“Ranna Khaddo Pushti was my only hope when I first started living alone in Germany. See, back then, you could not just Skype your mother for instructions or use YouTube. The Internet was hardly available and even phone calls were expensive. I remember going to Nilkhet and asking for a good cookbook and was instantly handed this by the shopkeeper. It was a lifesaver, honestly! The detailed descriptions in the book are what taught me how to cook,” said Arifur Rahman, who did his PhD from Germany back in 2002.
Arif is just one of the many people whose culinary journey started with what is considered the encyclopaedia of culinary arts for Bengalis. Whether you were a bachelor living alone for the first time or a housewife perfecting the art of cooking, Ranna Khaddo Pushti was the only resource that could guarantee tasty nutritious food ever since it was published in 1978.
With detailed instructions for every possible dish one could think of, the cookbook consists of absolute basics, from boiled eggs to complex delicacies like cheesecake. You could learn to cook about fifty different kinds of soups and countless chicken dishes including chaaps, kebabs, grills and steaks!
For those of you with a sweet tooth, there are recipes for cakes, doughnuts, puddings and even traditional mishtis. In fact, the book also has you covered for sides such as sauces, chutneys, and salad dressings.
Perhaps, the most wondrous thing about Ranna Khaddo Pushti is its emphasis on nutrition and age-appropriate balanced diet. With extensive instructions on how to prepare the kitchen workspace and detailed descriptions of the kitchen utensils, the book is ideal for both amateurs and advance learners.
The mastermind behind this ultimate guide is none other than the beloved Siddika Kabir, whose passion for cooking has turned her into an immortal household name.
Having obtained her second masters on Food and Nutrition Science from Oklahoma State University in 1963, the mathematician turned nutritionist had set out on a mission to preach the need for a balanced diet, and eradicate malnourishment of mothers and children in the country. Every single of her recipes was meticulously perfected to be delicious, presentable and have good nutritional value. In fact, she would always measure the calories of her dishes to ensure that her readers knew exactly what they were having.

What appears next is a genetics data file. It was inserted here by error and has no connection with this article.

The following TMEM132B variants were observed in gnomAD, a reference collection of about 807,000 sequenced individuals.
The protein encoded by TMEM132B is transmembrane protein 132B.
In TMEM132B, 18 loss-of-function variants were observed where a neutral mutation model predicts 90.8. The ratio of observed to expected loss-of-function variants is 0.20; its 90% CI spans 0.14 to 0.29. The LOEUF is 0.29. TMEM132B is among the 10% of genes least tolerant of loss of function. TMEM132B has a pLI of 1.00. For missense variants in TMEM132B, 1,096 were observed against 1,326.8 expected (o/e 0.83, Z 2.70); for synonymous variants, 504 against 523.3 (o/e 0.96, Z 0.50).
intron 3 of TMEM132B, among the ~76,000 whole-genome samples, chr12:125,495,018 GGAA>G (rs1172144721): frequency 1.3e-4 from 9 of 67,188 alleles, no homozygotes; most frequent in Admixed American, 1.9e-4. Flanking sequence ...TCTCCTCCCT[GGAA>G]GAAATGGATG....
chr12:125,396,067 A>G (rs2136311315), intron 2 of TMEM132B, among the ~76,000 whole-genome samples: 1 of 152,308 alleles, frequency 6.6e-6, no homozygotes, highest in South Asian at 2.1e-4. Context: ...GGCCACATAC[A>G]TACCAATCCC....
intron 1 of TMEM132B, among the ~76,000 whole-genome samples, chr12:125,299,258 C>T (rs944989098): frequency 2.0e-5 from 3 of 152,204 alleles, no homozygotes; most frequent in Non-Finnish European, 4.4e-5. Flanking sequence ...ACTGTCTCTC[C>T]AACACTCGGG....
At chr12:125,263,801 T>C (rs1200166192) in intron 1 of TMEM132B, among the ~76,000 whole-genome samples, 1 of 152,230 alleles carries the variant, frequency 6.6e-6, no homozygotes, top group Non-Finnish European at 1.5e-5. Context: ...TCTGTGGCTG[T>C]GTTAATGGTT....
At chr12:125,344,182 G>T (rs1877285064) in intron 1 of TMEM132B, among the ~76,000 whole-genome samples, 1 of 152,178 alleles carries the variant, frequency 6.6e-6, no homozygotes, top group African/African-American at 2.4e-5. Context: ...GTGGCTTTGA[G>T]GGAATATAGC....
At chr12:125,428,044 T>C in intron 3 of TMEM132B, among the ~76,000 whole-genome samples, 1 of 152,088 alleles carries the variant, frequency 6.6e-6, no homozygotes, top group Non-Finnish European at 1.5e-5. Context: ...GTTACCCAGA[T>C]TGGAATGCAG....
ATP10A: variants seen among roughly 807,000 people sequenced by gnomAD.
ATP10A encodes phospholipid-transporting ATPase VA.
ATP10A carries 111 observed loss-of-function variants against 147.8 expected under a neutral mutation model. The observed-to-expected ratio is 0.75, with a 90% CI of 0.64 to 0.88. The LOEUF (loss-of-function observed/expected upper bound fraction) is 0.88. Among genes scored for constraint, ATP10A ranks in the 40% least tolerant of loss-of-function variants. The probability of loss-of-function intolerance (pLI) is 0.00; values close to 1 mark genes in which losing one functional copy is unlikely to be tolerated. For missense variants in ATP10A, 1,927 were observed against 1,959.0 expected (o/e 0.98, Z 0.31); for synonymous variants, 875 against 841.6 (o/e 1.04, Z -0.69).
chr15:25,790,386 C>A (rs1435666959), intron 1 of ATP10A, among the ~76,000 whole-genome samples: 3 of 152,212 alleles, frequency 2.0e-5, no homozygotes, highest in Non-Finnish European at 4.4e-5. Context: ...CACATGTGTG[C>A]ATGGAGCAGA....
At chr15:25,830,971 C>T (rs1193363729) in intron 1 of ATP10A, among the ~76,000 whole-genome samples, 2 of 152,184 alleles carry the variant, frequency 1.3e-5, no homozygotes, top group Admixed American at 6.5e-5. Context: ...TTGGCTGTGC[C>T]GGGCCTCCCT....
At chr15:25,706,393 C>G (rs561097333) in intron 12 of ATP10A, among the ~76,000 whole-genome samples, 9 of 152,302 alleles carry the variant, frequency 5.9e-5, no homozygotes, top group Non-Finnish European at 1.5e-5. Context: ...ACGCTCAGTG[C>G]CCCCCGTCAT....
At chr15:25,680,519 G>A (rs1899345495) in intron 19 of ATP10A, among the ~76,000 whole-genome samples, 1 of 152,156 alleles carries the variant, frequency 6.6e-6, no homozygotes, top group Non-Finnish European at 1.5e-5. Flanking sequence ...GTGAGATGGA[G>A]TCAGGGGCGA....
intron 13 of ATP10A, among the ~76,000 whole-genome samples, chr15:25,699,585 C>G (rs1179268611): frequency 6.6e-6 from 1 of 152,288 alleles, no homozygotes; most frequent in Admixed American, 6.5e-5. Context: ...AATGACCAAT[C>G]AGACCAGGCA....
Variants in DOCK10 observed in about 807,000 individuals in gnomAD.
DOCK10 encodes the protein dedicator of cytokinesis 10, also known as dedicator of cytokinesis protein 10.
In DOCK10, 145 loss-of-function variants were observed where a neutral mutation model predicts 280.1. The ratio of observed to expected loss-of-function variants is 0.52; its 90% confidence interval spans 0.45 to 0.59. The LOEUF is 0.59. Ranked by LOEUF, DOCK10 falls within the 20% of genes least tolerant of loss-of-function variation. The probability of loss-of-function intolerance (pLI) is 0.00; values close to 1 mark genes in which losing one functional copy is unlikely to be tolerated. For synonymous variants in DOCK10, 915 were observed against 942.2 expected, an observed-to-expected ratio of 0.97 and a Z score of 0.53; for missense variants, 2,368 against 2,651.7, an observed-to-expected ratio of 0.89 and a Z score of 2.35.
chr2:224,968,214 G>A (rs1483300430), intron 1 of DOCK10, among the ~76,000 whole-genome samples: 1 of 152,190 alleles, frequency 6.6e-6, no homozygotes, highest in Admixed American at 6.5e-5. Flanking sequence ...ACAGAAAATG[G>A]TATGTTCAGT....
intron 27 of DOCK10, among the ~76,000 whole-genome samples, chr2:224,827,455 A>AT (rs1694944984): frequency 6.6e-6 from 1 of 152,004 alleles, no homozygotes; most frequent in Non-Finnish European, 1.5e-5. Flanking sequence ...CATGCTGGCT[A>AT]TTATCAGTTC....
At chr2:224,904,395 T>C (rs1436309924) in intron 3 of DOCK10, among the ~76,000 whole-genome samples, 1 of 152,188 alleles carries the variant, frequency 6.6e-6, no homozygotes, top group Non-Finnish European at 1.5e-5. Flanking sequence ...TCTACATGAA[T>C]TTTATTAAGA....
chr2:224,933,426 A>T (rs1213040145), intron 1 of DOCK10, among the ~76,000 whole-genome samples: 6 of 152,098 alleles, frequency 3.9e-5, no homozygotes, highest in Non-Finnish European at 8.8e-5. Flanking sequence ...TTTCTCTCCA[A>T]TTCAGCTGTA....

Watching cooking enthusiasts glued to the television with a pen and a paper while Siddika Kabir guided someone or presented some mouth-watering recipes was just a sight too common in Bengali households. She had set out to change the perception of food for Bangladeshis and Kabir has indeed revolutionised the cooking industry, winning the hearts of people from all walks of life.
“I was a keen viwer of her show on NTV. Although I already knew how to cook, it was she who got me to be passionate about cooking,” says Sahara, a housewife. “Her steps were so easy to follow, I soon found myself trying them out in my free time. From classic morog musallam to the more unconventional pineapple chicken, she has taught me that experimenting with food was the only way to grow as a cook.”
Siddika Kabir's knowledge and skills had led her to work as a consultant for many national and foreign consumer food giants such as Radhuni, Dano, and Nestle. Her involvement in ensuring that the next generation followed and understood the importance of a healthy lifestyle was clearly evident in her active role in the nutrition department of College of Home Economics in Azimpur, from where she retired as the principal in 1993. The awards for her contributions are countless, including the Sheltech Award in 2009.
With her sixth death anniversary on 31 January, Star Lifestyle salutes this revolutionary cook for being an inspiration to plenty of cooking enthusiasts both home and abroad.